Story: I struggled with my weight since the age of 22. At a hight of 5’6 and weighing over 142kg I had tried everything to lose weight. I was so obese that I needed a walking stick to get around. When my doctor told me I would be dead in 10 years, I made a decision that would change my life. Aged 34 (at the time) and a mother of 2 children, I was not ready to die so young. My doctor suggested Gastric Sleeve Surgery, where 80% of the stomach is removed to reduce portion of food intake. I agreed on the spot, and started shopping around for a good surgeon. Less than 6 months later, I was on the operating table. That was in October 2017, and I have lost over 50kg and only have 20kg left to reach my goal. Most of my weight fell off me within the first 9 months after surgery, and I said good bye to my walking stick only 2 months after. It was the best decision of my life. I love my sleeve!
Title: Sexually Abused Child
Story: On a warm November afternoon in 1988, I was sitting next to my mother on a chartered bus from the Gold Coast to Brisbane. We were on a trip to see Whitney Houston in concert. I was sipping on my second glass of champagne, my second, ever. We were happily chatting, yet during the course of this conversation I blithely told Mum that I had been repeatedly sexually abused by John- when we lived in Mildred Street. I was 15 when I told Mum. I had lived with that secret for more than half my life. I saw my mother’s face crumple. It was heartbreaking. Despite all that I knew, this was the worst moment of my life… until then. That’s what abuse does. I may have learnt at an early age about depravity- but with that an ever-present sense of fortitude and compassion. And that’s what forgiveness does.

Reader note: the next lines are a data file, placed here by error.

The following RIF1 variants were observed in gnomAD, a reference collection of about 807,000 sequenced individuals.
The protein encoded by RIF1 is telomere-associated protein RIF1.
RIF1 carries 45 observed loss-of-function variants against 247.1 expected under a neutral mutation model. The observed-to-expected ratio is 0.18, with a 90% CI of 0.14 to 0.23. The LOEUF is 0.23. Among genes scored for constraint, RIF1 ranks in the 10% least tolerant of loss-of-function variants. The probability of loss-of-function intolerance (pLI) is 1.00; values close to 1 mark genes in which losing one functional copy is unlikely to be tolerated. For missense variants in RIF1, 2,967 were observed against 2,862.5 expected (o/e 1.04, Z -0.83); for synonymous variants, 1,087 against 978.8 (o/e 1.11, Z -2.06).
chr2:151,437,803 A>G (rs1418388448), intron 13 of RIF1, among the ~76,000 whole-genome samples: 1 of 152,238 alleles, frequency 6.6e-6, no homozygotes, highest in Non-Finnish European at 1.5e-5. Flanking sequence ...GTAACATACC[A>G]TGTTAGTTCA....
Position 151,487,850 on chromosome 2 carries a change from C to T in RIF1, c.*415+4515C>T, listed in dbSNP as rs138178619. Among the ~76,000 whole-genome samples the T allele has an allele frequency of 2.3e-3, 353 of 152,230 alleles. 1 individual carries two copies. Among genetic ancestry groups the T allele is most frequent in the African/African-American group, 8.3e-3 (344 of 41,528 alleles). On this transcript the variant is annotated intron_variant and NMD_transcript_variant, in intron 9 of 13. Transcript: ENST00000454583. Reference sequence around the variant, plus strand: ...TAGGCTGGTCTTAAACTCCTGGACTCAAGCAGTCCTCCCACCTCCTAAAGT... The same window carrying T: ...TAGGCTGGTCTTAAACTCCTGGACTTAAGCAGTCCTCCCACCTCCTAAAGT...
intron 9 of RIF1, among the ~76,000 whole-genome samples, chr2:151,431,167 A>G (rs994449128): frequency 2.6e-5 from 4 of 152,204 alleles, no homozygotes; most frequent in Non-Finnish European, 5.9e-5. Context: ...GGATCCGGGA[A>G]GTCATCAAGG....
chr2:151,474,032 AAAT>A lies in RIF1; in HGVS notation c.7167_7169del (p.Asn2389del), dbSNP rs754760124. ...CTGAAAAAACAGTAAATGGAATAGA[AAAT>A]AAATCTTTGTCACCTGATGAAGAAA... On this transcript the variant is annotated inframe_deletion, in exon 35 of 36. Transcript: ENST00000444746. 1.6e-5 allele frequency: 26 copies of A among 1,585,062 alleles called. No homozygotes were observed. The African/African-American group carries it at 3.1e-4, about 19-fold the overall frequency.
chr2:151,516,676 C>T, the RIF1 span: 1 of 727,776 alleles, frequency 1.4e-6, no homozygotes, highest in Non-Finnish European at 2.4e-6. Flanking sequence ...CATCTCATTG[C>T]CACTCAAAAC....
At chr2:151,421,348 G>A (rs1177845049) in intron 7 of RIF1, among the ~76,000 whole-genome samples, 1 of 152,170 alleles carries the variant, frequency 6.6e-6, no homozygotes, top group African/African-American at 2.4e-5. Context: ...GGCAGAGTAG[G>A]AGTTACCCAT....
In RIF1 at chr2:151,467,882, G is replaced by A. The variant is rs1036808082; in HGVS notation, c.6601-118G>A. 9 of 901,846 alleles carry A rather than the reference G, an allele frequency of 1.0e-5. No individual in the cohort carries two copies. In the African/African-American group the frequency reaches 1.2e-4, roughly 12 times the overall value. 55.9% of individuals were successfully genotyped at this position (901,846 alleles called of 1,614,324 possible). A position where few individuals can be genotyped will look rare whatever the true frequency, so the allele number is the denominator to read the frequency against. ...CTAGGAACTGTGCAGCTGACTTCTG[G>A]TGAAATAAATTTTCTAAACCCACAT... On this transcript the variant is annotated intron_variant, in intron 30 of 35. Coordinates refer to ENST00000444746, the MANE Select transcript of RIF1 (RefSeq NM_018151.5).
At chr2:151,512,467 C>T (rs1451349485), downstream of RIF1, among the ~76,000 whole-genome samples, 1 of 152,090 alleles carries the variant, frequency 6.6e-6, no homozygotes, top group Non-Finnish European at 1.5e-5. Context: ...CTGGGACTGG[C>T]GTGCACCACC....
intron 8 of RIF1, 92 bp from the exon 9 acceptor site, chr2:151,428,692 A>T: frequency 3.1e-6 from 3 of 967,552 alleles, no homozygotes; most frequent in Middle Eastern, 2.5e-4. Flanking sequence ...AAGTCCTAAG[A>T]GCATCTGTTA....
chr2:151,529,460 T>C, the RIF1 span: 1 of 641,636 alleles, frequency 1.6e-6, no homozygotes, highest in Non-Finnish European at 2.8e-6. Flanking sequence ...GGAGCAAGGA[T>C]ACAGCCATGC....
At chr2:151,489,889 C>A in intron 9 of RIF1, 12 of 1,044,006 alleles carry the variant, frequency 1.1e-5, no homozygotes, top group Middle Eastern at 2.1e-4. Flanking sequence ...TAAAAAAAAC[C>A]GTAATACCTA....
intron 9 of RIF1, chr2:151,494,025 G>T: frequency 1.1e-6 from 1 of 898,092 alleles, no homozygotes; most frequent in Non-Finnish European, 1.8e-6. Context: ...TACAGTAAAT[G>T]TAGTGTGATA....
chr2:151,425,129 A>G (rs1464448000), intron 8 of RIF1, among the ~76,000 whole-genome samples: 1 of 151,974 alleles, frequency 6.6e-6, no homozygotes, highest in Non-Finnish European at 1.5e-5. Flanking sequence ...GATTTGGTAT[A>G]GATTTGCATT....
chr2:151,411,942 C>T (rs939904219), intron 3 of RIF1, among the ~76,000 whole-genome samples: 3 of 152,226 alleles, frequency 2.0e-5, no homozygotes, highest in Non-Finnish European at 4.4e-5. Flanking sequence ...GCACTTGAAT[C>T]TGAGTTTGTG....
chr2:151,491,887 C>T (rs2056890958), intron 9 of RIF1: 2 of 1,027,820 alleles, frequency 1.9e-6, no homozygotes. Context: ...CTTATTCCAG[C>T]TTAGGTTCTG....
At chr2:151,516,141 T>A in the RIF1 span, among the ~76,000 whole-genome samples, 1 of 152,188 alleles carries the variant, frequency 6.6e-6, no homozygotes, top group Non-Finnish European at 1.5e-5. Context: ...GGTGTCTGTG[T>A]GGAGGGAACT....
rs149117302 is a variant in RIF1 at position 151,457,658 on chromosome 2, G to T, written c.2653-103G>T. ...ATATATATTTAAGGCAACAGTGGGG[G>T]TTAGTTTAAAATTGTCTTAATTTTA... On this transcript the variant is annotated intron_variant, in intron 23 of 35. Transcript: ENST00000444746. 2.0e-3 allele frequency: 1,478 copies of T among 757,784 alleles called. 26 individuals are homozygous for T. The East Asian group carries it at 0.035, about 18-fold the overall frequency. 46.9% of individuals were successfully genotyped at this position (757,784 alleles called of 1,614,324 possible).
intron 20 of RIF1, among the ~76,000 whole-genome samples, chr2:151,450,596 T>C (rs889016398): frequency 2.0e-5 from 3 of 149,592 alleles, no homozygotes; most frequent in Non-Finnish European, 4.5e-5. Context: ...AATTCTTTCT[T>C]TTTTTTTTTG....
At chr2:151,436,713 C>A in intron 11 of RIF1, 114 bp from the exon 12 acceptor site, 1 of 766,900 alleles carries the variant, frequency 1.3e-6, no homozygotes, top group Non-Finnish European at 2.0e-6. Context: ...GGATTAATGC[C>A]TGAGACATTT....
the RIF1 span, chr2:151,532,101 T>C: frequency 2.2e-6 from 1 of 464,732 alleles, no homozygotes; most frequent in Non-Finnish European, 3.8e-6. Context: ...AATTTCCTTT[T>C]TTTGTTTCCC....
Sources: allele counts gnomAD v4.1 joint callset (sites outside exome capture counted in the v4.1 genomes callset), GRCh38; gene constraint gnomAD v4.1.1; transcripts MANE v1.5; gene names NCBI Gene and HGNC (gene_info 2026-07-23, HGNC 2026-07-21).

Book: Aunty Heather
Title: Female Elder